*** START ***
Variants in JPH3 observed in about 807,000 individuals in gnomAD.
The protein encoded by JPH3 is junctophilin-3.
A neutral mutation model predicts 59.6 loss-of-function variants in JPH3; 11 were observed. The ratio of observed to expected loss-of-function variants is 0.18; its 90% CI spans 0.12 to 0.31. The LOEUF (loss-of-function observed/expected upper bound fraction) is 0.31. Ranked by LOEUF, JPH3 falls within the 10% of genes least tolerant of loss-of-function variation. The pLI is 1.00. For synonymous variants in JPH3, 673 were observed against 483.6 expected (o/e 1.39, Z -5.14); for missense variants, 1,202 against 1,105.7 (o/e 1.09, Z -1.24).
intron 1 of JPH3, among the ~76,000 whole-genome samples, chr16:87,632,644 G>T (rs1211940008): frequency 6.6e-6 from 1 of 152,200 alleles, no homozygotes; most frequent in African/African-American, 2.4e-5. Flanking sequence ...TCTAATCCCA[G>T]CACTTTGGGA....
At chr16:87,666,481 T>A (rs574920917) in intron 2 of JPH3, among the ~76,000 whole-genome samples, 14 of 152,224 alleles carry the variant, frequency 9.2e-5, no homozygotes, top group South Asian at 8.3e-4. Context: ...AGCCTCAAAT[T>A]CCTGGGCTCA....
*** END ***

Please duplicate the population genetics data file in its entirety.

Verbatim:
Variants in JPH3 observed in about 807,000 individuals in gnomAD.
The protein encoded by JPH3 is junctophilin-3.
A neutral mutation model predicts 59.6 loss-of-function variants in JPH3; 11 were observed. The ratio of observed to expected loss-of-function variants is 0.18; its 90% CI spans 0.12 to 0.31. The LOEUF (loss-of-function observed/expected upper bound fraction) is 0.31. Ranked by LOEUF, JPH3 falls within the 10% of genes least tolerant of loss-of-function variation. The pLI is 1.00. For synonymous variants in JPH3, 673 were observed against 483.6 expected (o/e 1.39, Z -5.14); for missense variants, 1,202 against 1,105.7 (o/e 1.09, Z -1.24).
intron 1 of JPH3, among the ~76,000 whole-genome samples, chr16:87,632,644 G>T (rs1211940008): frequency 6.6e-6 from 1 of 152,200 alleles, no homozygotes; most frequent in African/African-American, 2.4e-5. Flanking sequence ...TCTAATCCCA[G>T]CACTTTGGGA....
At chr16:87,666,481 T>A (rs574920917) in intron 2 of JPH3, among the ~76,000 whole-genome samples, 14 of 152,224 alleles carry the variant, frequency 9.2e-5, no homozygotes, top group South Asian at 8.3e-4. Context: ...AGCCTCAAAT[T>A]CCTGGGCTCA....